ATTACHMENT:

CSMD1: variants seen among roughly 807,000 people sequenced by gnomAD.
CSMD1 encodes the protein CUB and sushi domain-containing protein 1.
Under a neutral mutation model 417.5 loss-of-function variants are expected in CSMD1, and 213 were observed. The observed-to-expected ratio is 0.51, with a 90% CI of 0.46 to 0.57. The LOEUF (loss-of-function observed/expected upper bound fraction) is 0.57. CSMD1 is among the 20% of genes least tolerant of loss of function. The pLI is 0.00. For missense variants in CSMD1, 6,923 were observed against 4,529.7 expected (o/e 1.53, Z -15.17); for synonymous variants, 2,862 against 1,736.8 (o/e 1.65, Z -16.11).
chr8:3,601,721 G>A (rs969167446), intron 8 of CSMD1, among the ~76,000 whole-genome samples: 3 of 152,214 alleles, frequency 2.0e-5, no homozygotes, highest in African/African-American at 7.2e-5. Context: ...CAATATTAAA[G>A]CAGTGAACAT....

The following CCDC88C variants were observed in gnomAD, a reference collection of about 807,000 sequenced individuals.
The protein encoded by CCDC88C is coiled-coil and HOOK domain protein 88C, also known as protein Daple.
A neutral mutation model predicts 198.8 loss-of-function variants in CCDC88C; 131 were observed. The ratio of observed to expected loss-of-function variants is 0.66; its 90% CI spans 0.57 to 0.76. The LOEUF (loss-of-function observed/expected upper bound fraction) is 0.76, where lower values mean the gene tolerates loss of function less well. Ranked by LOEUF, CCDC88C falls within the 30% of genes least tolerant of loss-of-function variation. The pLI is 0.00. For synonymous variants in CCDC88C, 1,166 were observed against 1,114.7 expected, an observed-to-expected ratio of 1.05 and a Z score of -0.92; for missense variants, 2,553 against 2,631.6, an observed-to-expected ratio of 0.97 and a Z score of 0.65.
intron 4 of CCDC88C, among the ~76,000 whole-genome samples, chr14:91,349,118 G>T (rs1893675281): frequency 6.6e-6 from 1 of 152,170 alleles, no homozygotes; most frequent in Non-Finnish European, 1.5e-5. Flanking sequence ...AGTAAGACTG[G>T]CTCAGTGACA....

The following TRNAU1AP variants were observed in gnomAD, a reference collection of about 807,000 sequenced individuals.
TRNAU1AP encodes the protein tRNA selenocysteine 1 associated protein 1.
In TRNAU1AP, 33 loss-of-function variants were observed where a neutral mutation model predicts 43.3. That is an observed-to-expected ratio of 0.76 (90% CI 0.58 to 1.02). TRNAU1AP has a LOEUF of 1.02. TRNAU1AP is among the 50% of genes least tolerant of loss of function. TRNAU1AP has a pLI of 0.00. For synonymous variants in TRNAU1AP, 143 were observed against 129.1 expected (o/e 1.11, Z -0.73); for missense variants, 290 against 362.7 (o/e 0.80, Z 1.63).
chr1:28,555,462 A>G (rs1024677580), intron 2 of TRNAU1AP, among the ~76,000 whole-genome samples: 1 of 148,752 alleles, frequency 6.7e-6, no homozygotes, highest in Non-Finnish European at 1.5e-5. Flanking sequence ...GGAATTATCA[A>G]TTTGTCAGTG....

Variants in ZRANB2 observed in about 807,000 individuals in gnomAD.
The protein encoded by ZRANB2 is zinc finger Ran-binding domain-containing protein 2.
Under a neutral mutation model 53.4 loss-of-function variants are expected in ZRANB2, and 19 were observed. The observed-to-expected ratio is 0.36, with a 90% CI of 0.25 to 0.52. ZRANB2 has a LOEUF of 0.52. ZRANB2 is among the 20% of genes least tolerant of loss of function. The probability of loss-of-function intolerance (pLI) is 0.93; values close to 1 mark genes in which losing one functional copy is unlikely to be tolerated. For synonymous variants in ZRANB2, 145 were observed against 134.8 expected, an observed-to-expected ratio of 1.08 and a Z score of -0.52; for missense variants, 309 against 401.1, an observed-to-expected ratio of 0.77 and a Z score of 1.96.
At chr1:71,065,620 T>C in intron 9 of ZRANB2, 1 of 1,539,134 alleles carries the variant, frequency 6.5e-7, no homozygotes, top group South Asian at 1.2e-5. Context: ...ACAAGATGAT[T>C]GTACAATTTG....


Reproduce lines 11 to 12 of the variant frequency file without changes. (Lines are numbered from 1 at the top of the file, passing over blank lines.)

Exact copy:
In TRNAU1AP, 33 loss-of-function variants were observed where a neutral mutation model predicts 43.3. That is an observed-to-expected ratio of 0.76 (90% CI 0.58 to 1.02). TRNAU1AP has a LOEUF of 1.02. TRNAU1AP is among the 50% of genes least tolerant of loss of function. TRNAU1AP has a pLI of 0.00. For synonymous variants in TRNAU1AP, 143 were observed against 129.1 expected (o/e 1.11, Z -0.73); for missense variants, 290 against 362.7 (o/e 0.80, Z 1.63).
chr1:28,555,462 A>G (rs1024677580), intron 2 of TRNAU1AP, among the ~76,000 whole-genome samples: 1 of 148,752 alleles, frequency 6.7e-6, no homozygotes, highest in Non-Finnish European at 1.5e-5. Flanking sequence ...GGAATTATCA[A>G]TTTGTCAGTG....